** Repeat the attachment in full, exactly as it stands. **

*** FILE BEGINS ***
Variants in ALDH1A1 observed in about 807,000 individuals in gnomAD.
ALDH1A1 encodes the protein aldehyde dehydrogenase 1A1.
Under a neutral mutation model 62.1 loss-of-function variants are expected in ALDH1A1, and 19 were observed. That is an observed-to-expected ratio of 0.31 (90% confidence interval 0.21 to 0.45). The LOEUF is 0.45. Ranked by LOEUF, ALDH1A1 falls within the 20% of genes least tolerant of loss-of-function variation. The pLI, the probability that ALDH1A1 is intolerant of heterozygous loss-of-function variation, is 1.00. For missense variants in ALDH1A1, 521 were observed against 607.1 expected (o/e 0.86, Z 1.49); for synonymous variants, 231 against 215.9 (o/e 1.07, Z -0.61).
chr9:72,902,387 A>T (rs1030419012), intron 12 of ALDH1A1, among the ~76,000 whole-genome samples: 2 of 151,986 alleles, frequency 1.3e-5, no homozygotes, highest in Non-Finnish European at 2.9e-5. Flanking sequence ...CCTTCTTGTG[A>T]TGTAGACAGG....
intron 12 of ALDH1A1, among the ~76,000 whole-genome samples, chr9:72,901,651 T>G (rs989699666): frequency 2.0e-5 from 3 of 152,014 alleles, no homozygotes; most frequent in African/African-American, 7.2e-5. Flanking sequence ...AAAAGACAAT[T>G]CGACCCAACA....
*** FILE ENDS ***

Variants in ALDH1A1 observed in about 807,000 individuals in gnomAD.
ALDH1A1 encodes the protein aldehyde dehydrogenase 1A1.
Under a neutral mutation model 62.1 loss-of-function variants are expected in ALDH1A1, and 19 were observed. That is an observed-to-expected ratio of 0.31 (90% confidence interval 0.21 to 0.45). The LOEUF is 0.45. Ranked by LOEUF, ALDH1A1 falls within the 20% of genes least tolerant of loss-of-function variation. The pLI, the probability that ALDH1A1 is intolerant of heterozygous loss-of-function variation, is 1.00. For missense variants in ALDH1A1, 521 were observed against 607.1 expected (o/e 0.86, Z 1.49); for synonymous variants, 231 against 215.9 (o/e 1.07, Z -0.61).
chr9:72,902,387 A>T (rs1030419012), intron 12 of ALDH1A1, among the ~76,000 whole-genome samples: 2 of 151,986 alleles, frequency 1.3e-5, no homozygotes, highest in Non-Finnish European at 2.9e-5. Flanking sequence ...CCTTCTTGTG[A>T]TGTAGACAGG....
intron 12 of ALDH1A1, among the ~76,000 whole-genome samples, chr9:72,901,651 T>G (rs989699666): frequency 2.0e-5 from 3 of 152,014 alleles, no homozygotes; most frequent in African/African-American, 7.2e-5. Flanking sequence ...AAAAGACAAT[T>G]CGACCCAACA....